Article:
I'm unfamiliar with both antecedents, the original du Maurier novel and Hitchcock's first American feature, which he is said to have despised, yet is widely considered a classic nowadays.
There's something very 'off' about Ben Wheatley's adaptation for Netflix. For a film essentially made for the small screen it is odd that it appears to be striving to please aesthetically above all other considerations.
The setting seems skewed as well. I have cine footage of my mother's holidays in the South of France dating to the same period the book was written (late 30s) and the costumes don't look right at all.
And as a British director, I would have expected Ben Wheatley to handle better the presentation of pre-war social tropes. Yet on the matter of class this movie is basically tone deaf.
The two most naturally posh British thesps in the production — Lily James and Kristin Scott Thomas — the lady's companion and the housekeeper, should somehow have been flagged as lower middle class for the drama to function effectively for British viewers. And none of those playing supposed toffs have any of the right manerisms.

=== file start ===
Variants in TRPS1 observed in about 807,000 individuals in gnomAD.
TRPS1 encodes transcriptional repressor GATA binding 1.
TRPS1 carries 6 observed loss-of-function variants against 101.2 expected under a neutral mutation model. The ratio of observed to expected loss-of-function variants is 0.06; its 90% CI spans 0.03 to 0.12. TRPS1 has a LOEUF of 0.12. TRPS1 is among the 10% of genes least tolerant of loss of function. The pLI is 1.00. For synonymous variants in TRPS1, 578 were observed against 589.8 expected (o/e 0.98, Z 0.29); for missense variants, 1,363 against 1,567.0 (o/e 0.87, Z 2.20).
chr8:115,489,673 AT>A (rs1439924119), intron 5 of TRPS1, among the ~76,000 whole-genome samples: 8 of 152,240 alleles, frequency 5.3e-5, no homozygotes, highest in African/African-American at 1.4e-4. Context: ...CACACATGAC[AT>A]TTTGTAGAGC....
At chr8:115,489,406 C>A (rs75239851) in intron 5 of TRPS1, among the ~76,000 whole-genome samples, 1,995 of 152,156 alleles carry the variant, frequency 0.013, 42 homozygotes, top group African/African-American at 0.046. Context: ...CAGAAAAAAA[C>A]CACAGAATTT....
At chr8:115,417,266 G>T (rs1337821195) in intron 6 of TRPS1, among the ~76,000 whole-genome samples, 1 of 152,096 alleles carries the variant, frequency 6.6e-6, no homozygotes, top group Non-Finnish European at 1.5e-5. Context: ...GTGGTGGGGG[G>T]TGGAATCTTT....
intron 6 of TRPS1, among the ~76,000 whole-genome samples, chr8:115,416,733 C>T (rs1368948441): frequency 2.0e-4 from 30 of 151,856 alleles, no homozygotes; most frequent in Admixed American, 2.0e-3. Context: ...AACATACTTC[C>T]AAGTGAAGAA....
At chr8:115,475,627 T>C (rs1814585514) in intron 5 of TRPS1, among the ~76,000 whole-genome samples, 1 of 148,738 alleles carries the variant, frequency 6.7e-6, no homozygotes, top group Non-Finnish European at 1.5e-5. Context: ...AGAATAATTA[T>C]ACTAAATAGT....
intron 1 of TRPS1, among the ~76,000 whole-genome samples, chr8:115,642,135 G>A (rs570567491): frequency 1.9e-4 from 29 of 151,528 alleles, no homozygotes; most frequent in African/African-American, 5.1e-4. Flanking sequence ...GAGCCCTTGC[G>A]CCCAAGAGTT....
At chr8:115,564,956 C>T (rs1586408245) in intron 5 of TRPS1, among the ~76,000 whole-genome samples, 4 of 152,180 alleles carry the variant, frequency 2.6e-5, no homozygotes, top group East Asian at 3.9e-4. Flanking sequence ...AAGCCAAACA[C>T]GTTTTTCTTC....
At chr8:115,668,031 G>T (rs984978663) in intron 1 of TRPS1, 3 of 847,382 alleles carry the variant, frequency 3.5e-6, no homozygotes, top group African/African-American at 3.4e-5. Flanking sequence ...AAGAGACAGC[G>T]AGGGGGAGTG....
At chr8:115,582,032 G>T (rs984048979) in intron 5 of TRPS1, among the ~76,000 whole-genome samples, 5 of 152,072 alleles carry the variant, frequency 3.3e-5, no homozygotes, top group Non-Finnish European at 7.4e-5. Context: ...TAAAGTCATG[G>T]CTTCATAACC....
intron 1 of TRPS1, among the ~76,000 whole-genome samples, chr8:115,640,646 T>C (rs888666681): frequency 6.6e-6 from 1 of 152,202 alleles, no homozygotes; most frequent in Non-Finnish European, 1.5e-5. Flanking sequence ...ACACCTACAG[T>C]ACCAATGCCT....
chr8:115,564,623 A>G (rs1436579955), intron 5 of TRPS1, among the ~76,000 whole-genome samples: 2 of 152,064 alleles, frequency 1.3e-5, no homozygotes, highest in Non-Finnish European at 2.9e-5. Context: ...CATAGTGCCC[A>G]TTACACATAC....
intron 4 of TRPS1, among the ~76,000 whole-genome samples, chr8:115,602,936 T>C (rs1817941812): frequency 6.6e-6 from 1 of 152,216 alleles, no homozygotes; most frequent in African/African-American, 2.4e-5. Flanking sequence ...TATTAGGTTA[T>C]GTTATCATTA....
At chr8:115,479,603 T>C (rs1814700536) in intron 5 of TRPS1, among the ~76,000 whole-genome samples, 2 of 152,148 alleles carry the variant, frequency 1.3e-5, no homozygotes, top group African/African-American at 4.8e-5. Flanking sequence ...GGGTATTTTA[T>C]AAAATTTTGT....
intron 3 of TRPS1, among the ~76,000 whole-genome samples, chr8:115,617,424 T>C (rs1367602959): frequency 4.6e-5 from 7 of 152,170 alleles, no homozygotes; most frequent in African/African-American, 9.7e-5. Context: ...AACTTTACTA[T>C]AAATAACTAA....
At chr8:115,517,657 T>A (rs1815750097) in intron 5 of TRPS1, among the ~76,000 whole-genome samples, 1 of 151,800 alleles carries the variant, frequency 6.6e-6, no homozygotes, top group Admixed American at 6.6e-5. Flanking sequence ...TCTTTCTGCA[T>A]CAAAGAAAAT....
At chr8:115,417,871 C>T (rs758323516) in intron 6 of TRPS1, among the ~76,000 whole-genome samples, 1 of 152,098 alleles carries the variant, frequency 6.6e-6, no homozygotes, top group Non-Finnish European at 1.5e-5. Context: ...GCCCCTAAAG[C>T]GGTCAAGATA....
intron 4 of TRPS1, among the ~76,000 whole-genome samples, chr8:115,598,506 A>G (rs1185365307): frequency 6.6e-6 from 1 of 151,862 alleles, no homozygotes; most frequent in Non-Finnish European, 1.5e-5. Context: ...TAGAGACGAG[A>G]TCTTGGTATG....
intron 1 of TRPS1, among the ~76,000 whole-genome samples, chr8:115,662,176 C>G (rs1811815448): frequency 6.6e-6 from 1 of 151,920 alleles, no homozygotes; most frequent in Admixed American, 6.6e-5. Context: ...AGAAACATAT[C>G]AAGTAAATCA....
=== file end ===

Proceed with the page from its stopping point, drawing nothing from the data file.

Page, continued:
As Maxim, Armie Hammer is a sort of cardboard cut out of an eligible bachelor without ever convincing as an English landed gent of the period. None of the staff at Manderley seem to have a Cornish accent, although I recall one that is full on "Oive got a brand new combine 'aaarvester".
As I said, I have not been exposed to any other variant, but the plot seems to overflow with opportunities for cloaking the characters with pointed moral ambiguity, and these are largely squandered here. The transition point in Maxim's place in the story is handled especially anaemically.
The whole thing is saved in the end simply by being rather pleasing on the eye and because, of course, Scott Thomas is fabulous as Mrs Danvers.